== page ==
Unbiased Analysis of Today's Healthcare Issues

Archive for the 'Public Health' Category

Visit your doctor whenever you like

Typical hours when illness strikes is 24 hours a day, 7 days per week.  In the US, typical physician hours are 9-5, Monday through Friday. Although this is changing (CVS Minute Clinics have Saturday and Sunday hours), it is still difficult for individuals who are work and are ill to see a doctor without taking […]

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Are you really disabled?

When the government extends benefits to individuals with specific characteristics (e.g., poverty, disability), the number of people who claim to have these characteristics will necessarily increase.  For instance, there are reports that unemployed individuals who no longer qualify for welfare are now moving onto the disability rolls in large numbers.  Are these people really disabled? A recent study  by Gosling […]

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The Efficiency Frontier in Health Economics

Which treatments are better than others? Ideally, medicines that provide large health benefits and cost little will be preferred to those that offer little health benefits and/or cost a lot. In health economics, one way to systematically evaluate different treatments is the efficiency frontier. The efficiency frontier methodology is an extension of the standard approach […]

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I’d rather have HIV than diabetes

This is what a provocative article in the Spectator concludes. A recent large epidemiological study showed that, for those diagnosed with HIV now, life expectancy is similar to someone who does not have the virus. The medical profession now considers HIV a chronic disease; it’s regarded in public health terms in the same category as, […]

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Are we running out of antibiotics?

Nicole Allan of the Atlantic discusses why overuse of antibiotics is making them less effective.  The fact that antibiotics are less effective did not come as a surprise to many experts.  In fact, in 1945, “while accepting a Nobel Prize for discovering penicillin, Alexander Fleming warned of a future in which antibiotics had been used […]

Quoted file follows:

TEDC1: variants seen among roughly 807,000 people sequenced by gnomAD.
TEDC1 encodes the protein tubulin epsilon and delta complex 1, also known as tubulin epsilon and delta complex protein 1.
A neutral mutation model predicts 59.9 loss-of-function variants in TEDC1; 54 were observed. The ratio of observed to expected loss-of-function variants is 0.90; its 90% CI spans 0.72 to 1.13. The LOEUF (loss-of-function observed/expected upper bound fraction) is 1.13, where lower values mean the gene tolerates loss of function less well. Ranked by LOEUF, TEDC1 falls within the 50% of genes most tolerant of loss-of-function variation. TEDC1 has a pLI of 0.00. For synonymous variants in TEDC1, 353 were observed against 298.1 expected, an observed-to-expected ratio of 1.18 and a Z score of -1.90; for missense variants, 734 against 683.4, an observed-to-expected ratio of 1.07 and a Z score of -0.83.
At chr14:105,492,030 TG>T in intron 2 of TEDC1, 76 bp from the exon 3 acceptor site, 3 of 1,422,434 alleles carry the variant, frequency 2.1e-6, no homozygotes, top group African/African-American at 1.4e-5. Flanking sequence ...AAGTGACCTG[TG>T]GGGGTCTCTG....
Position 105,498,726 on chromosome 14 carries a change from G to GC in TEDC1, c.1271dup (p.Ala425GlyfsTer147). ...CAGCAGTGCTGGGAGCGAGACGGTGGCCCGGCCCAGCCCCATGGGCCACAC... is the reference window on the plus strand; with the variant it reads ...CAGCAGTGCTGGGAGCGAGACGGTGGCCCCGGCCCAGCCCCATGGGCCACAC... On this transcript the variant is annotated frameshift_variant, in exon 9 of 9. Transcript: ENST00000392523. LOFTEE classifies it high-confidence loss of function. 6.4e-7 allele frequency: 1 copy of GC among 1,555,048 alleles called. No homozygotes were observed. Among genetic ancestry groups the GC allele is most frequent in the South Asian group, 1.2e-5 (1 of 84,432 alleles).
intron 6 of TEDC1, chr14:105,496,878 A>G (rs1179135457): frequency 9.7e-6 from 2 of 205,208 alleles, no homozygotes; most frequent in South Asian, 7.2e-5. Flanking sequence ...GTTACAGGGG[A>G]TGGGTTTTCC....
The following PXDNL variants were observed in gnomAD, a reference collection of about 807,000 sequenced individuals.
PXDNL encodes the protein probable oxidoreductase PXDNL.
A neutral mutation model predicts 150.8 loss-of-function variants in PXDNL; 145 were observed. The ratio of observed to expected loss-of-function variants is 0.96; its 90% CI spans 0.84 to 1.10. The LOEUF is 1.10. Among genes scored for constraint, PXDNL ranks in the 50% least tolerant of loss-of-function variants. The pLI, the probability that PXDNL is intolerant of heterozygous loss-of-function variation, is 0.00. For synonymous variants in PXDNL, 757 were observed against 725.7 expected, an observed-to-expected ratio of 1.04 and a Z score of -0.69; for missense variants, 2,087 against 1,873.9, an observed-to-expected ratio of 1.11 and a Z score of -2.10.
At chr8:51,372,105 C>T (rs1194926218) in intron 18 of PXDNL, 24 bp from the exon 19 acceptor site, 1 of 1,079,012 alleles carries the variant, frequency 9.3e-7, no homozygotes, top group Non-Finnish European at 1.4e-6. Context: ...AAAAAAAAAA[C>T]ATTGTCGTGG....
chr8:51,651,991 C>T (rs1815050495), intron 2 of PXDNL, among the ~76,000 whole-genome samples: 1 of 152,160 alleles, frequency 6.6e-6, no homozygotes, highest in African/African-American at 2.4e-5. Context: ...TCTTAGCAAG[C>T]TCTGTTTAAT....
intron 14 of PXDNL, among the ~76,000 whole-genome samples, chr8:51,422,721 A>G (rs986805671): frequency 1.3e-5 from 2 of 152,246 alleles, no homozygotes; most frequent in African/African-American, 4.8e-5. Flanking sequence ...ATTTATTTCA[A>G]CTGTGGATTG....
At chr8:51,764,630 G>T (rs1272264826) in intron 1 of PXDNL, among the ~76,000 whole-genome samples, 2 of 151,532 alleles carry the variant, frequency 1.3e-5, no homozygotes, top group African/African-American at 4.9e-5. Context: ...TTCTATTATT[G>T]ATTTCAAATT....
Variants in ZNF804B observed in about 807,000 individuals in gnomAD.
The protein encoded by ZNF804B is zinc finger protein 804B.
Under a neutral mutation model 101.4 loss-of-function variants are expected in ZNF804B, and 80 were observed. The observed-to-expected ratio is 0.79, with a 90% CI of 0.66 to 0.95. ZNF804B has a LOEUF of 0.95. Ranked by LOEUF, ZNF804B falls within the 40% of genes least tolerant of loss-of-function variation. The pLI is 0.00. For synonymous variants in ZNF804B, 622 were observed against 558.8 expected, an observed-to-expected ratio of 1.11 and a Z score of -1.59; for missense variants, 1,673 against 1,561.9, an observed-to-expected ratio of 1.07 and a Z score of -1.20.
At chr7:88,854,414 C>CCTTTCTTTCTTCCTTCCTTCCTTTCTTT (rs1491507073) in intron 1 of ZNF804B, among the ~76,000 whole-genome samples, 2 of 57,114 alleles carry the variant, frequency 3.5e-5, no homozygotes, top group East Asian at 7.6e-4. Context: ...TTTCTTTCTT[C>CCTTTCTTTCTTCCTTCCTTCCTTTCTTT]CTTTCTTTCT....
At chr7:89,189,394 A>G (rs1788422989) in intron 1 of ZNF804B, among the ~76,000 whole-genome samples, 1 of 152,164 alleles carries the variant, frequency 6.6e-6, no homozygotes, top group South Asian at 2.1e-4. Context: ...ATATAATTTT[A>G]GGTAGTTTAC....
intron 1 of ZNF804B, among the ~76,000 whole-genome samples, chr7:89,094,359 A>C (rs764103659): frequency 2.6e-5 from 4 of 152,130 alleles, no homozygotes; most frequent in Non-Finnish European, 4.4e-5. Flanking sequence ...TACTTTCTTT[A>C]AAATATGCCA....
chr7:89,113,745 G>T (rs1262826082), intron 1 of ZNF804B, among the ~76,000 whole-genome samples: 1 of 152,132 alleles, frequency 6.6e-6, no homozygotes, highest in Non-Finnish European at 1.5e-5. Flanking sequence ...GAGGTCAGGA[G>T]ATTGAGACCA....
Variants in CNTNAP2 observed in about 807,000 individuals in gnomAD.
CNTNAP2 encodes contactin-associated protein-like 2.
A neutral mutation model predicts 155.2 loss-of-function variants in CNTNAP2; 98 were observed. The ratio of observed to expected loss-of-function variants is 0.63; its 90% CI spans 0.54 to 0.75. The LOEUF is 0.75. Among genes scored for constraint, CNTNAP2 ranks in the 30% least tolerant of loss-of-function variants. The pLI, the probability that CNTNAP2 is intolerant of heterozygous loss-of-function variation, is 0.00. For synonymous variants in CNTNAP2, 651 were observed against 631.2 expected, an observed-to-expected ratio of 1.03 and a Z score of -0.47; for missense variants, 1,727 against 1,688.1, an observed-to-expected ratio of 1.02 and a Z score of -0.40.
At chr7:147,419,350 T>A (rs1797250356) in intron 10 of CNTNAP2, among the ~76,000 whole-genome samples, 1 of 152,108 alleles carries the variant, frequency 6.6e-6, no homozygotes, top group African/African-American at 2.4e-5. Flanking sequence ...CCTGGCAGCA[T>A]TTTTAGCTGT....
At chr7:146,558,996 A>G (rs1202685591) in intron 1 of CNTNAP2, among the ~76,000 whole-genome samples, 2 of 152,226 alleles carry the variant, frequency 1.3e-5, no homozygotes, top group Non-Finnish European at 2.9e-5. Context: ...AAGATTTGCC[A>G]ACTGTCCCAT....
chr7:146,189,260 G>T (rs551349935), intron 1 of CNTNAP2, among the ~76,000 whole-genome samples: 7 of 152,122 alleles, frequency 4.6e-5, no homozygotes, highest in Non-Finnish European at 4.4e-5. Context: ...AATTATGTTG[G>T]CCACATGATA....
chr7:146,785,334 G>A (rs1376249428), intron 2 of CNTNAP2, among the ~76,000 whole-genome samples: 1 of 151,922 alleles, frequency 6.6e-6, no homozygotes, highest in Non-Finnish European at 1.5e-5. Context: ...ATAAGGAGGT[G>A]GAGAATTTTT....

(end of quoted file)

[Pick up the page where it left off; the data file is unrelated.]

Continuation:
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Free Heroin?

Giving away heroin may sound like a good plan for a start-up drug dealer.; get new customers hooked and them make money off their addiction.  Drug dealers aren’t the only ones considering giving heroin away for free; so are some European governments. The Economist reports: Over the past two decades many have come to favour […]

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Cancer Tidal Wave

People are living longer. That is good news. The bad news is that when you decrease the mortality rates for some diseases, you increase the likelihood that you die from other ones. For instance, if someone previously would have died of a heart attack at 50 year old in 1950, if that same person turned […]

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Lifetime protection aganst the flu?

The Atlantic has an interesting article about recent efforts to create a flu vaccine that protects patients against influenza for decades, or even their entire lifetime. Currently, the flu vaccine helps the body produce antibodies that attack influenza surface proteins. The problem is that the flu is quick learner; it readily mutates ts surface proteins […]

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Should the CDC warn Americans about a ‘potential’ epidemic?

Although at first glance, the answer would be ‘yes’, the answer is not so straight-forward.  Consider the case of the recent H7N9 influenza outbreak in China.  Although the media gave some coverage to this issue, the risk of a pandemic was not emphasized. The reason may be Bayesian updating.  Previous influenza threats in recent years […]

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NYC Soda Ban: Good Policy or Good Intentions Gone Awry?

New York’s Mayor Michael Bloomberg enacted a law that would limit New York City resident’s ability to purchase certain drinks.  No, not alcohol.  Soda.  NPR reports that the “ban would have limited the size of sugary drinks at restaurants, theaters and food carts to 16 ounces.”  Small businesses did not like the idea because large sugary […]

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